According to the research, ten all-male executive committees are now in the FTSE 350, down from 16 in 2021. The government anticipates that by 2025, the percentage of women in leadership roles will surpass 40%. Target was described as being “on track”.
The organisations with the highest proportion of women in executive positions and their direct reports were featured in the report’s official publication. According to the report, the FTSE 250 businesses with the largest participation of women below the board of directors were the property investment trust Shaftesbury (64%), the investment trust firm Law Debenture Corporation (63%), and the fashion retailer Asos (56%).
The FTSE 100 firm with the highest percentage of women in leadership was Burberry Group (54%), followed by Next and Sainsbury’s (53% and 51%, respectively). Less than 50% of women held leadership positions in any other FTSE 100 company.
The Rise of Women in Board Roles: A Long Journey
The journey towards gender equality in board roles in the UK has been a long and arduous one. In 2011, when the Davies Report was launched, only 12.5% of board positions in FTSE 100 companies were held by women. This figure increased to 26.1% by 2015, but progress slowed down in the following years. In 2020, women had 36.2% of board positions in FTSE 100 companies, with the remaining 63.8% being held by men.
Despite the slow progress, several initiatives and campaigns have helped increase gender diversity in board roles. One of the most significant ones was the launch of the Hampton-Alexander Review in 2016, which aimed to improve gender balance in leadership positions in FTSE 350 companies. The review set a target of having at least 33% of board positions held by women by 2020, which was achieved.
The Impact of Gender Diversity on Business Performance
There is ample evidence that gender diversity in leadership positions has a positive impact on business performance. According to studies, businesses with a diverse workforce are more creative, make better choices, and are more likely to draw in and keep top talent.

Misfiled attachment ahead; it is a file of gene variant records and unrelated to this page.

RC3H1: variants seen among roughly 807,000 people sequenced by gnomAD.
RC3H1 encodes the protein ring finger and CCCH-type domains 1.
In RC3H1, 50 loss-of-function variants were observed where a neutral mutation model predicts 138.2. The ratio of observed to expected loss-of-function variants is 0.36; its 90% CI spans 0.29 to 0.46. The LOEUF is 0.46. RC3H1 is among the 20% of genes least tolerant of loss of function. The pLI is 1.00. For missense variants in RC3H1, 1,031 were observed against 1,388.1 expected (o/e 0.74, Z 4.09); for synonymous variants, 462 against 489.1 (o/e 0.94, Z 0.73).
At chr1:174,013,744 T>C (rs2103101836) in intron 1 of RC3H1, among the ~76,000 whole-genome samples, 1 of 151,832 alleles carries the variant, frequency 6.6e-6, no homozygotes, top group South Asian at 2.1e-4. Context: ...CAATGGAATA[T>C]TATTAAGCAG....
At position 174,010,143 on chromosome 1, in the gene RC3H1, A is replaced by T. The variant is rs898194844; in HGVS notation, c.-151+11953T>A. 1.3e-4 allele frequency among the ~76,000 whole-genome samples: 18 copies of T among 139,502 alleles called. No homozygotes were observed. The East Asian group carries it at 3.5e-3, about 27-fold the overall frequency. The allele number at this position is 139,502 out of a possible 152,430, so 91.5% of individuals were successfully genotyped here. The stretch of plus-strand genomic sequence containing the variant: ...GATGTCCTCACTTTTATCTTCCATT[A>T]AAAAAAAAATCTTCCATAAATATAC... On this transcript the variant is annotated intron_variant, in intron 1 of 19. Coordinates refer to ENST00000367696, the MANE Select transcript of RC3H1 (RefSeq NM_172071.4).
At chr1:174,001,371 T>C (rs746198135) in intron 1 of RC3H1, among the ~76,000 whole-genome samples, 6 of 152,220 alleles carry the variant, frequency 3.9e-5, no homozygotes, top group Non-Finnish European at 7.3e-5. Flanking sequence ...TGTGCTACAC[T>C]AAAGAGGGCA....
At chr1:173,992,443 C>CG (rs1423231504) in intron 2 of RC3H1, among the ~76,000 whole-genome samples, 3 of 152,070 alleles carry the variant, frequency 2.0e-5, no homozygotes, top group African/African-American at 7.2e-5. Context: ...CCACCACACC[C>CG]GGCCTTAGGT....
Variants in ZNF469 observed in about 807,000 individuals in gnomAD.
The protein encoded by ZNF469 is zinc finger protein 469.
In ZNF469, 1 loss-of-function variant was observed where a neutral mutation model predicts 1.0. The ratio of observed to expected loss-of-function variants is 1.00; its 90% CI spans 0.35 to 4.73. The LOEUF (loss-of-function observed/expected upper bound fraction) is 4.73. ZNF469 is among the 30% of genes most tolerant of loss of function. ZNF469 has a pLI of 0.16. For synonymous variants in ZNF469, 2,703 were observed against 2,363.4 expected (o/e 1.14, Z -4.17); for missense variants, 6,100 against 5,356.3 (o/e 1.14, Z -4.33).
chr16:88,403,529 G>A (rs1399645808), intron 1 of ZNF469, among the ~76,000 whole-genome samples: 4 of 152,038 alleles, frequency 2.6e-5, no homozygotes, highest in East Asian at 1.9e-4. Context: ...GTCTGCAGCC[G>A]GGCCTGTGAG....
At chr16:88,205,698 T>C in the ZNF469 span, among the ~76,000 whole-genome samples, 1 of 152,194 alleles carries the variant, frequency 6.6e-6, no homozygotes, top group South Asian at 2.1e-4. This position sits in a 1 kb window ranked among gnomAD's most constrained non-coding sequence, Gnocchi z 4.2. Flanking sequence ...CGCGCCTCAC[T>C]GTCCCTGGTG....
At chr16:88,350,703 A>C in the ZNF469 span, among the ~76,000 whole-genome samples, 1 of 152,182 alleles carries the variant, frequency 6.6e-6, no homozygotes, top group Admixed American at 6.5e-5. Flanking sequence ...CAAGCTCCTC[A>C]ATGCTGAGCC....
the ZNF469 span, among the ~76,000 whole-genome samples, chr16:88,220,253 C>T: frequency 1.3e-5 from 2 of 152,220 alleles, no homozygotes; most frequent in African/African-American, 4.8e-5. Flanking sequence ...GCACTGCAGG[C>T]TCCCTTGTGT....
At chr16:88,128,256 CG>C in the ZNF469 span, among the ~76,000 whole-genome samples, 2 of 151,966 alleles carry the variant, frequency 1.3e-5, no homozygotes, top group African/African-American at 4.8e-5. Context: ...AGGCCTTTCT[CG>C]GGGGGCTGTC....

Also, businesses with various boards have a higher chance of being profitable. According to a McKinsey & Company study, businesses with more women on executive teams are 25% more likely to be profitable than their counterparts in the lowest quartile.
The Way Forward: Ensuring Sustainable Progress
While the 40% milestone is undoubtedly a cause for celebration, it is essential to ensure that progress towards gender equality in board roles is sustainable. There are several steps that companies can take to ensure that they maintain and build upon the progress made so far. These include:
Setting ambitious targets: Companies should set ambitious targets for gender diversity in leadership positions and hold themselves accountable for achieving them.
Promoting diversity and inclusion: Businesses ought to foster an inclusive atmosphere where everyone feels appreciated and respected, regardless of gender, ethnicity, or background.
Fostering talent pipelines: Companies should invest in fostering talent pipelines for women, including mentoring, coaching, and development programs.
Addressing unconscious bias: Companies should be aware of and address unconscious bias in recruitment and promotion processes.
Reporting on progress: Companies should regularly report on their progress towards achieving gender diversity targets internally and externally.
The increase in the percentage of women on the boards of the UK’s biggest listed firms above 40% is a significant milestone towards achieving gender equality in corporate leadership positions.
However, it is crucial to ensure that this progress is sustainable and that companies continue to make efforts to increase gender diversity in board roles. By setting ambitious targets, promoting diversity and inclusion, fostering talent pipelines, addressing unconscious bias, and reporting on progress, companies can create a culture where everyone has an equal opportunity to succeed.
edited and proofread by nikita sharma